I recently finished listening to the Dark Tower series by Stephen King. This is the second time I’ve listened to it, the first being about four years ago. It’s very good. At least, I enjoy it immensely. The reason I mention it here is that Mr King throughout the seven books in the series alludes to or directly mentions many, many literary figures, their books and their creations. Just by way of example, Arthurian legend figures prominently, The Wizard of Oz and Frank L. Baum are ascendant at one point, the similarities to The Lord of the Rings are unmistakable, Dr Seuss, Harry Potter, Robert Heinlein, Richard Adams… the list goes on and on. Movies and TV series are similarly referenced. Check out the series’ Intertextual References section at wikipedia. The series is a bibliophile’s (especially an SF&F bibliophile’s) trainspotting paradise.
Of interest to us here are the references to works from Gnome Press. I picked up two concrete references and one that I’m not so sure about. The most obvious example is the name of one of the organizations that the Crimson King uses as a front and that manufactured most of the technology that is now decaying in Roland’s world – ‘Northwest Positronics’. The obvious reference is to the kind of brain that Isaac Asimov’s robots have in I, Robot – they have positronic brains. Just as I write this, it occurs to me that the ‘Northwest’ part could potentially be a reference to Northwest Smith – C.L. Moore’s erstwhile gunslinging spaceman from Gnome titles Shambleau & Others and Northwest of Earth. Just now, as I wrote that, it also occurred to me that I might not be drawing such a long bow here. Northwest Smith is indeed a gunslinger unmistakeably cut from the same cloth as Roland of Giliad.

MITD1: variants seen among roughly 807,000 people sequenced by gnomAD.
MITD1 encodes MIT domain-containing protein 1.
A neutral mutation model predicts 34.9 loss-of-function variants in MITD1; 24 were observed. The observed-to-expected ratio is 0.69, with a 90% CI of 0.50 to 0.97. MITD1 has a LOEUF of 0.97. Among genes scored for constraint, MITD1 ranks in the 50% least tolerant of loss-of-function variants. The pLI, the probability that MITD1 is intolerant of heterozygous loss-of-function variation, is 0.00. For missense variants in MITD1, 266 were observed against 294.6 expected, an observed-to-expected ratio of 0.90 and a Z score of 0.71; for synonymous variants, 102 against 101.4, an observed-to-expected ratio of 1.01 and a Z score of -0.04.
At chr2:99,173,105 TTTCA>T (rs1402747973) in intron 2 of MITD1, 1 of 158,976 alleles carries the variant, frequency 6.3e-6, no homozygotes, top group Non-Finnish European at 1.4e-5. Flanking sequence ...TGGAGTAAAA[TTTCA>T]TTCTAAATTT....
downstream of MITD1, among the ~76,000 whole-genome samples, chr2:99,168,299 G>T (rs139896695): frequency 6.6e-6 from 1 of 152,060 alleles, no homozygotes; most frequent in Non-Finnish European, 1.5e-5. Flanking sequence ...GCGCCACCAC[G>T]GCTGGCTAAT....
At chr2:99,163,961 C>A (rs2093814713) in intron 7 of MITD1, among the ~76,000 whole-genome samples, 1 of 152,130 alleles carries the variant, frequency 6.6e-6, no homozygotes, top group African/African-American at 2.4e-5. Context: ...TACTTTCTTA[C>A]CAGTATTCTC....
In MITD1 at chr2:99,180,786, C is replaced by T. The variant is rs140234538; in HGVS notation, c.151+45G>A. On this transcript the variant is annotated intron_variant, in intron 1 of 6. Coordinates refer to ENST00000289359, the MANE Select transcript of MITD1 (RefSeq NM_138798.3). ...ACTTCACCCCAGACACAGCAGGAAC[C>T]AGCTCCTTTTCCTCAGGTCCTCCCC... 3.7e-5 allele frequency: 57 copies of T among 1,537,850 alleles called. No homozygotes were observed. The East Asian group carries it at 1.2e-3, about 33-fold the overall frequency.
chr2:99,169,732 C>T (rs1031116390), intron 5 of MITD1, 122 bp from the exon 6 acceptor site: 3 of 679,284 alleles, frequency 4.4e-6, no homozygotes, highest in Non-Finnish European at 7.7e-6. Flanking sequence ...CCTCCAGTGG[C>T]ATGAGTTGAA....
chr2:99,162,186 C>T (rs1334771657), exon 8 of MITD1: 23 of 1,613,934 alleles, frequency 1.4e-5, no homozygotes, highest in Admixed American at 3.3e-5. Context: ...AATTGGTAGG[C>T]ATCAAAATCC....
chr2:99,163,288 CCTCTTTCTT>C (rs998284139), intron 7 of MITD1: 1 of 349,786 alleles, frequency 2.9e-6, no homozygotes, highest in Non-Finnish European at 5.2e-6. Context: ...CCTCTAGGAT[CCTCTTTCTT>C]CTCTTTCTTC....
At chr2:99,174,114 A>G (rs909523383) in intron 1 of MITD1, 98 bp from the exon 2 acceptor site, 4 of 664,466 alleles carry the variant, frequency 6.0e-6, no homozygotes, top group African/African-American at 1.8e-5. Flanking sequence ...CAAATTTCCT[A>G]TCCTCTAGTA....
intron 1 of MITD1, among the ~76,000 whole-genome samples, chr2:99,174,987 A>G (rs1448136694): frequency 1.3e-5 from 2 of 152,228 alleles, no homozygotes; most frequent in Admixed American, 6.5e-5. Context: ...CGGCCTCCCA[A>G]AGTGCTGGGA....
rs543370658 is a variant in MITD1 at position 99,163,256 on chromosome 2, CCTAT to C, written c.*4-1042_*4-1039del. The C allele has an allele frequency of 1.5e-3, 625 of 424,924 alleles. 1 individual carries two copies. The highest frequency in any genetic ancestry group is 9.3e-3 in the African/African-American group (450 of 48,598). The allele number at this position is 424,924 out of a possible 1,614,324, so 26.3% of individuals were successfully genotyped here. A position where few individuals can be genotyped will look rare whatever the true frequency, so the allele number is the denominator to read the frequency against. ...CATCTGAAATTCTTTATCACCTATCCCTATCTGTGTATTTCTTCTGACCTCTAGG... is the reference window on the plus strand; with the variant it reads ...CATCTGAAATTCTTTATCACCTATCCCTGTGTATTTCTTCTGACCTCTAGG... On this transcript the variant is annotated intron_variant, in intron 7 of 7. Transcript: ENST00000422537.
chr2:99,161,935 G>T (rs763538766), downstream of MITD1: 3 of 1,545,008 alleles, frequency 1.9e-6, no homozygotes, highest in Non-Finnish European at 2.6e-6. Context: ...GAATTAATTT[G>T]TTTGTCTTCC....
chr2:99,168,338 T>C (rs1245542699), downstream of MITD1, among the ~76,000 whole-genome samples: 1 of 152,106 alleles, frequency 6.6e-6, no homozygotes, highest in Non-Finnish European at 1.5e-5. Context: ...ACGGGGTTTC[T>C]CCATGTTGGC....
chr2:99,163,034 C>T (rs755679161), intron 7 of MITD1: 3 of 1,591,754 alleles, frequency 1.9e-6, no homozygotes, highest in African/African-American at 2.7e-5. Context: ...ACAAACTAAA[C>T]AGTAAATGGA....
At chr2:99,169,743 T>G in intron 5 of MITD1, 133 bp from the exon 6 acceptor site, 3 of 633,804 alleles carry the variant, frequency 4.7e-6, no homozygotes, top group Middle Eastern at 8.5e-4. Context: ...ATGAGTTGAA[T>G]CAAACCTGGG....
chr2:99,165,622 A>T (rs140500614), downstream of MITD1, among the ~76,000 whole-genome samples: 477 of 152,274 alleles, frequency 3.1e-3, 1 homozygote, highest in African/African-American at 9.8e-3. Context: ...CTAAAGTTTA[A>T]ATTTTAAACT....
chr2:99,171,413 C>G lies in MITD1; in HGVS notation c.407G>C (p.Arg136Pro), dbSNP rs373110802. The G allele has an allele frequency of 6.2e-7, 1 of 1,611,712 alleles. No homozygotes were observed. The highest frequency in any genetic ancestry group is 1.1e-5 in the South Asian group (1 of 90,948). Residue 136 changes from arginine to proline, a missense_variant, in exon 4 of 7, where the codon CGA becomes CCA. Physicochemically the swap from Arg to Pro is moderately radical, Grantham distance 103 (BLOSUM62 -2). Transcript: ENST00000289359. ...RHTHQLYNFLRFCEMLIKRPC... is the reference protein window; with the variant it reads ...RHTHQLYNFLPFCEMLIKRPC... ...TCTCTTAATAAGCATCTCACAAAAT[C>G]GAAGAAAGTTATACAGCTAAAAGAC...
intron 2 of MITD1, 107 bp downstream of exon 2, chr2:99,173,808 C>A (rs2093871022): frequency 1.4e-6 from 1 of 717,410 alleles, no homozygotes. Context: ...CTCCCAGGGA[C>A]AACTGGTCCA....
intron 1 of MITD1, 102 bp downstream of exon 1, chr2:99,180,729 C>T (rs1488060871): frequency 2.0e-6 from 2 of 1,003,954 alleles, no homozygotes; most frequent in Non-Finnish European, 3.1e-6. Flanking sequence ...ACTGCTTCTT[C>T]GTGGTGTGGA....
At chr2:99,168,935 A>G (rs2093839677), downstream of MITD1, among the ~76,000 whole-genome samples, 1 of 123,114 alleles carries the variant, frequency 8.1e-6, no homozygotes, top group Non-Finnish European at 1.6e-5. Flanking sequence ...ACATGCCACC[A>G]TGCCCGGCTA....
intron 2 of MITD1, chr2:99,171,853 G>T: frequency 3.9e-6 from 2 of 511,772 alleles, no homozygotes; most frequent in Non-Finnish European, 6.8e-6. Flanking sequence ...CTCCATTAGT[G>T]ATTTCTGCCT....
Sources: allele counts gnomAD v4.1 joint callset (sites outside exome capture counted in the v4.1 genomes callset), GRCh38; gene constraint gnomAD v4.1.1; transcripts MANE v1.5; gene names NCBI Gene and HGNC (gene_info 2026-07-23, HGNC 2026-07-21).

Next, Calvin Tower, obsessive book collector and proprietor of The Manhattan Restaurant of the Mind, calls young Jake a ‘Hyperborean wanderer’ when Jake picks up his copies of Charlie the Choo Choo and the book of riddles. Again, this is an unambiguous reference to the Conan the Barbarian series, Hyperborea lying somewhat to the north of Conan’s homeland. This is probably also a nod to Clark Ashton Smith who is also referenced a couple of times in the series.
The third reference I detected is less direct. When Pere Callahan is telling his story to Roland’s ka-tet as they wait for the ‘wolves’ to descend on the town of Calla Bryn Sturgis, he calls his world-shifting wanderings across parallel versions of the United States, his journeys through ‘highways in hiding’. Now, if this was just mentioned once, I might dismiss this as a coincidence, but it is specifically referred to in that way at least four or five times. Too many, in my opinion, to not be a nod to George O. Smith’s 1955 book Highways in Hiding – the latest to be added to my Gnome Press collection.
There we go. Apologies for the largely unexplained references to characters and situations in the Dark Tower series, but do yourself a favor and read (or listen to) it. It’ll make sense then, and you’ll also have a ball trying to catch all those references. Not to mention enjoying a wonderful story.